PRS For Music vs. PPL: Who’s more cost-efficient?

The UK’s two collection societies, PRS For Music and PPL, have just done something people have been asking about for years.

The duo have officially announced that they plan to launch a new 50/50 company next year to jointly deal with public performance licensing.

This as-yet-unnamed JV would offer a single license for, broadly speaking, two types of performance copyright – both the recorded and the musical work (songwriter/publisher).

Robert Ashcroft

“It is in our members interests to ensure that our licensing is ever more efficient.”

Robert Ashcroft, PRS

“Creating a single point of contact for our UK public performance customers would allow us to significantly simplify music licensing for UK businesses,” said Robert Ashcroft, chief executive of PRS For Music (pictured).

“It is in our members’ and customers’ interests to ensure that our licensing is ever more accurate and efficient.”

Inevitably, questions are now being asked over what this increased ‘efficiency’ will mean for PRS and PPL’s existing workforces.

At present, public performance licensing brings in 41% of PPL’s total annual income (2014: £76.7m vs. £187.1m) and 25% of PRS’s total royalty income (2014: £168.3m vs. £664.3m).

As such, it’s a huge chunk of both societies’ current operations.

Any attempt at a joint venture will surely see the microscope put on that heart-dropping word, ‘efficiency,’ when elements of these vital departments are merged.

MBW has dug through pages and pages of Companies House filings from both businesses to get a handle on just how efficient each of them are right now – and what they’re spending on staff and directors.

Before we get into this comparison, some important caveats:

  • PRS is a much bigger operation of the two, with around 3.5 times the amount of royalty income pulled in per year than its recorded music counterpart and over double the staff headcount;
  • PRS (with MCPS) represents around 115,000 members – across songwriters and publishers – in total. PPL, on the other hand, made payments to 55,852 performers and 5,458 recording rightsholders (labels) last year;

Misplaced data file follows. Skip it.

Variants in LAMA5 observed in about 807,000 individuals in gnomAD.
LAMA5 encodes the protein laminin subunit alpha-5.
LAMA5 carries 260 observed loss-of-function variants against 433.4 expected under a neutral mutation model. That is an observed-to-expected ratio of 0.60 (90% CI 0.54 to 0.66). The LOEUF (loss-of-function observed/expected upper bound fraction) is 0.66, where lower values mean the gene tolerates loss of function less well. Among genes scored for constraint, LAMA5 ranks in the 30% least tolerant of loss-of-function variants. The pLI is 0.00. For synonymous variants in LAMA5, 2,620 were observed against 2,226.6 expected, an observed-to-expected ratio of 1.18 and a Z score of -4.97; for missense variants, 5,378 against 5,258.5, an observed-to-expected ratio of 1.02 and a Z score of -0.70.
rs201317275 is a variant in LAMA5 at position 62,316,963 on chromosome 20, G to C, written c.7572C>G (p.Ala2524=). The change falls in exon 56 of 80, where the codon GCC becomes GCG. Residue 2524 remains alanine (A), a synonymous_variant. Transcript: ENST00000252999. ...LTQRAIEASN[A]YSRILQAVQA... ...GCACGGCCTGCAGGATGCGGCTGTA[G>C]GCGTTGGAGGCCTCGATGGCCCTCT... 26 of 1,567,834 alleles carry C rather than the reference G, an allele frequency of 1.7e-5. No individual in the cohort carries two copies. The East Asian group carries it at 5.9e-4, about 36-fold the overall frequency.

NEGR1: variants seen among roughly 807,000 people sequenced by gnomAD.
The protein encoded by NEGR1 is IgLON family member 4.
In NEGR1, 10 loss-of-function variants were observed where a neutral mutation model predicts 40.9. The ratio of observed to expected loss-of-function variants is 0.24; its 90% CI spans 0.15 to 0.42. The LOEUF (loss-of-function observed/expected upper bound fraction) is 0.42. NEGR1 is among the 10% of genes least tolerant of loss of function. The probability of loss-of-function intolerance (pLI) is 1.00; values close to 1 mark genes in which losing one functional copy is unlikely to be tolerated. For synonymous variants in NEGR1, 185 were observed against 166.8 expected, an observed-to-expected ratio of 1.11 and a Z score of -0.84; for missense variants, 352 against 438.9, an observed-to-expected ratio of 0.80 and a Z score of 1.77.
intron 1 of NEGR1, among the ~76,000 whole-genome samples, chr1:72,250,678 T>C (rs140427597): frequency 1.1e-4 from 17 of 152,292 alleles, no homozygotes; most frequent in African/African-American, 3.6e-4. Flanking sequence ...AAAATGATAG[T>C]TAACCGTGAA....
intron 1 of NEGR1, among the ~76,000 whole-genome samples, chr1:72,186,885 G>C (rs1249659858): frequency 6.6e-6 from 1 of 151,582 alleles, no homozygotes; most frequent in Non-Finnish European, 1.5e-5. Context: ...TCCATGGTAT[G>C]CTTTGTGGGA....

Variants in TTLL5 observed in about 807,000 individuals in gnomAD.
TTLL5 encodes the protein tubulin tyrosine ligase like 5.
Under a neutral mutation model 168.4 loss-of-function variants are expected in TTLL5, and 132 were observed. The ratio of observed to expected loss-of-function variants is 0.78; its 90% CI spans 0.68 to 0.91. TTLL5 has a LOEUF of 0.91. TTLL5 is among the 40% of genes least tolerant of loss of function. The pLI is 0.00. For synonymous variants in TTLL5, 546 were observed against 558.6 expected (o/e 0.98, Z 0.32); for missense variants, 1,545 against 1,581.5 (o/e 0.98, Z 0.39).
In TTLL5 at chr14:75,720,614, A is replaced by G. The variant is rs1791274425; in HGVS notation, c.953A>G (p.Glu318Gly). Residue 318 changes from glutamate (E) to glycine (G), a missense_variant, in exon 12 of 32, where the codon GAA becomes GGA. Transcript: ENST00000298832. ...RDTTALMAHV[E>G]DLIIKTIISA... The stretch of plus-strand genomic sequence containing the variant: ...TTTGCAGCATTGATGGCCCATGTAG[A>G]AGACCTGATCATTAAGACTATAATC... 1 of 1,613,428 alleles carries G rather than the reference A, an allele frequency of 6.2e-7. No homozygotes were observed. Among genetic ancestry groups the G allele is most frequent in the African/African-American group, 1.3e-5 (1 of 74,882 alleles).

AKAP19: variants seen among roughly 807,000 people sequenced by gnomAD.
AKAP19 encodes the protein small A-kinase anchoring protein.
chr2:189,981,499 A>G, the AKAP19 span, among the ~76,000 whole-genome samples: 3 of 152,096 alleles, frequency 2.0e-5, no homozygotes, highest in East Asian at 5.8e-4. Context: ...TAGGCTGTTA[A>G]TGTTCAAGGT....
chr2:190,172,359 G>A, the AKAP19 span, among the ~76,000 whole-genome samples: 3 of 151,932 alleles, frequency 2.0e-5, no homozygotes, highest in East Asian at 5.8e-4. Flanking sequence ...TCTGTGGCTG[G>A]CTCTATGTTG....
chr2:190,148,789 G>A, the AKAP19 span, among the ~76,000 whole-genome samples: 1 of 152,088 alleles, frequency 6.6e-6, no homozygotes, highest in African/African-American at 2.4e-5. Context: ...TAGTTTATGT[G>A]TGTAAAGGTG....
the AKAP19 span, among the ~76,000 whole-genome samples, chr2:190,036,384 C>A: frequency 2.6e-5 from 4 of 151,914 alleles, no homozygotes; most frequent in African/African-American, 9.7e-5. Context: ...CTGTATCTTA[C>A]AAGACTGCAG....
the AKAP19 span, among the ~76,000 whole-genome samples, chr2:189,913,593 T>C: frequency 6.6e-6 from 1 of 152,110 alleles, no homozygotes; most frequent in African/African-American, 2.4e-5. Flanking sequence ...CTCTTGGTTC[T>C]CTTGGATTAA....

• Aside from public performance, both organisations collect from similar additional licensable areas: international, online and broadcast (TV/radio). However, PRS also counts mechanical collections from sales/streams of recorded media in its figures.

As such, what we discover below cannot be taken as a 100% like-for-like juxtaposition.

It’s also a comparison across the whole of both businesses – a more granular analysis of costs related to public performance alone is not possible from the financial documents we’ve seen.

But as a snapshot of what both companies are spending – and, crucially, how efficient they are for their members – we humbly hope it will be of use…

PRS For Music: Overall efficiency

We’ve dug into PRS For Music’s 2014 numbers in depth before, but here we go again.

First, a very basic acid test of the PRO’s efficiency: a comparison of what it collects each year across all licensable sectors vs. what it ultimately pays out to members.

As well as the firm’s operating costs, this barometer also includes what it pays out in tax, pensions and charitable donations.

It is, in that respect, we hope it’s all-encompassing.


As you can see, PRS’s income-to-distribution ratio (10.7% in 2014) is pretty impressive, especially when you take into account the horror stories some publishers report from PROs in other areas of the world.

(This ratio, also known as cost-to-income, effectively shows the percentage of total collected money that was used up before the cash got to members.)

However, it is worth noting that this figure rose at PRS in 2014, as the amount of money paid out to members reduced.